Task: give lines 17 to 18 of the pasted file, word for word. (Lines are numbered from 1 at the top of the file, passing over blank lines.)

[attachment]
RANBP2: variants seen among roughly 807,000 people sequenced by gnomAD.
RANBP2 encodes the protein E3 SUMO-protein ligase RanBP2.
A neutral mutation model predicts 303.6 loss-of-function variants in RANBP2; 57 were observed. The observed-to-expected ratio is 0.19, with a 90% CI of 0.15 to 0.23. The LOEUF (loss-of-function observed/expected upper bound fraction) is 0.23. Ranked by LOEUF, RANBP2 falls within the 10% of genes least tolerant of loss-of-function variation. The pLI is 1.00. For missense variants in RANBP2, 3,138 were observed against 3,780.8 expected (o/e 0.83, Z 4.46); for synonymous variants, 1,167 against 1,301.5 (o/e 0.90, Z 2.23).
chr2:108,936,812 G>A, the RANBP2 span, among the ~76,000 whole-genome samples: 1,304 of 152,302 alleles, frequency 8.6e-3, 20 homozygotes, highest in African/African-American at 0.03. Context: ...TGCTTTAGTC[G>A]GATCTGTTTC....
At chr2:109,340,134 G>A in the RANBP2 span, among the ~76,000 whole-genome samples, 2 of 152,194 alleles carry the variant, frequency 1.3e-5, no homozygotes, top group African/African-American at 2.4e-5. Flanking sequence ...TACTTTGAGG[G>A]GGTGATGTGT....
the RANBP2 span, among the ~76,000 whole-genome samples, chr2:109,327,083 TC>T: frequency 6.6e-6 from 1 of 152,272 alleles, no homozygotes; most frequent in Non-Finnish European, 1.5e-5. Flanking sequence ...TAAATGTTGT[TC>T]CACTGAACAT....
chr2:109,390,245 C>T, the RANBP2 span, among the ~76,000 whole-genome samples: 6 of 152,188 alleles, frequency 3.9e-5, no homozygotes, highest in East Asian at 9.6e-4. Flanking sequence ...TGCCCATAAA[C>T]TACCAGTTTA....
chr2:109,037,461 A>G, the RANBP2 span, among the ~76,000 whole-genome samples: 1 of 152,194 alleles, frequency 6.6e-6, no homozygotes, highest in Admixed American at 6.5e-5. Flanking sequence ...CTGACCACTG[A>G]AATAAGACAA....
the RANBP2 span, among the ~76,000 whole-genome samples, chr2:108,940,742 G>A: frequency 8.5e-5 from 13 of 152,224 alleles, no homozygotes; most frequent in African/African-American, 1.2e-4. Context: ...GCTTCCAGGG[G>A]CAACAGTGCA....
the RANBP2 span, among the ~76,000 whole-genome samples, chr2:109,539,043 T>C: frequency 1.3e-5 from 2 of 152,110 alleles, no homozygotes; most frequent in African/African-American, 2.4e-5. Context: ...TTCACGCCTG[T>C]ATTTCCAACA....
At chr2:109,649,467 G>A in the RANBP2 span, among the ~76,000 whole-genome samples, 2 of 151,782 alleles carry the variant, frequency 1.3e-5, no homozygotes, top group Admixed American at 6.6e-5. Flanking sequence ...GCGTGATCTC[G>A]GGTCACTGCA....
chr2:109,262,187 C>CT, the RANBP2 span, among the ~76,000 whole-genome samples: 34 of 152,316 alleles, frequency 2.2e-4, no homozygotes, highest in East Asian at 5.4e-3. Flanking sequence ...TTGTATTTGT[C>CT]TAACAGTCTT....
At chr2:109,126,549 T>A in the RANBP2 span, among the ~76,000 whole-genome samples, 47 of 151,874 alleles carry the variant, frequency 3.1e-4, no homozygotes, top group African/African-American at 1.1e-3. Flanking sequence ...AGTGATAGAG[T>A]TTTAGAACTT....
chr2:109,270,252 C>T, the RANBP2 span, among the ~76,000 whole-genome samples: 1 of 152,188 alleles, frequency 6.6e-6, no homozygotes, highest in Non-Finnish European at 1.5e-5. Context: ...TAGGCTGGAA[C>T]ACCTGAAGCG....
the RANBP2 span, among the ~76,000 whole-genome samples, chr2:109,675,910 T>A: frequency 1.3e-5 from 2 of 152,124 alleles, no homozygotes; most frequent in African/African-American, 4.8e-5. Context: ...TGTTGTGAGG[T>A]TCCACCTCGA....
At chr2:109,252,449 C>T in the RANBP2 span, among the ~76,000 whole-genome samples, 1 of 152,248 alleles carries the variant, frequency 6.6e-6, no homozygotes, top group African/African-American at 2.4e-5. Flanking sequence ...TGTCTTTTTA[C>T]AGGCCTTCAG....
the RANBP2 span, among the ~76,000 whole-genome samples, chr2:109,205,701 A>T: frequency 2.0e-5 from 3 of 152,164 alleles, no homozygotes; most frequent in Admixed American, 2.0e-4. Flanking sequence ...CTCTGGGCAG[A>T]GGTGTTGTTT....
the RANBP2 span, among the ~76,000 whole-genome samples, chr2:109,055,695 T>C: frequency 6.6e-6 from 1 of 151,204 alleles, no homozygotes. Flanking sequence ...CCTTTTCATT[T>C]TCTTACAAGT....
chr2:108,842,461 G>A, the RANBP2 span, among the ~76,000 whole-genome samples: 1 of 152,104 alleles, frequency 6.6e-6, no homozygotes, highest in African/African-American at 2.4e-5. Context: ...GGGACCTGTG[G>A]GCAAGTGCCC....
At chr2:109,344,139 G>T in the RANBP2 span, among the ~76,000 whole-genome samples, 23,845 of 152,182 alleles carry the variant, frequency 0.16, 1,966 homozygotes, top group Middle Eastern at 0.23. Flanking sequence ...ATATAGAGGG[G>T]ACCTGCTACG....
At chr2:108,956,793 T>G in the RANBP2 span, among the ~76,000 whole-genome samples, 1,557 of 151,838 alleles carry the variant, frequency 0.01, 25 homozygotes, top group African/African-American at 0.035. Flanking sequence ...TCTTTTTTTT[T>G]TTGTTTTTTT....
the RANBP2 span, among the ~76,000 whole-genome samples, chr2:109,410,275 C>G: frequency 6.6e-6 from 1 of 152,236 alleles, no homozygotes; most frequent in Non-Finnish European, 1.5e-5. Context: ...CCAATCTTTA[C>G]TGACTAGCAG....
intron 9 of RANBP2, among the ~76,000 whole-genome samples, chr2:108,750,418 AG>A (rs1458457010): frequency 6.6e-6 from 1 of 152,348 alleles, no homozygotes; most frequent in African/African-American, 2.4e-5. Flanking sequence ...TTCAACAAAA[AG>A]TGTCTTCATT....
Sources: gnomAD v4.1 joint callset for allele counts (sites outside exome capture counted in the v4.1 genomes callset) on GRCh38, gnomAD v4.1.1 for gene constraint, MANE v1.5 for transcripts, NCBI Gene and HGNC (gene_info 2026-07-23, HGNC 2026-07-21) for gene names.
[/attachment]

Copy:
the RANBP2 span, among the ~76,000 whole-genome samples, chr2:109,205,701 A>T: frequency 2.0e-5 from 3 of 152,164 alleles, no homozygotes; most frequent in Admixed American, 2.0e-4. Flanking sequence ...CTCTGGGCAG[A>T]GGTGTTGTTT....
the RANBP2 span, among the ~76,000 whole-genome samples, chr2:109,055,695 T>C: frequency 6.6e-6 from 1 of 151,204 alleles, no homozygotes. Flanking sequence ...CCTTTTCATT[T>C]TCTTACAAGT....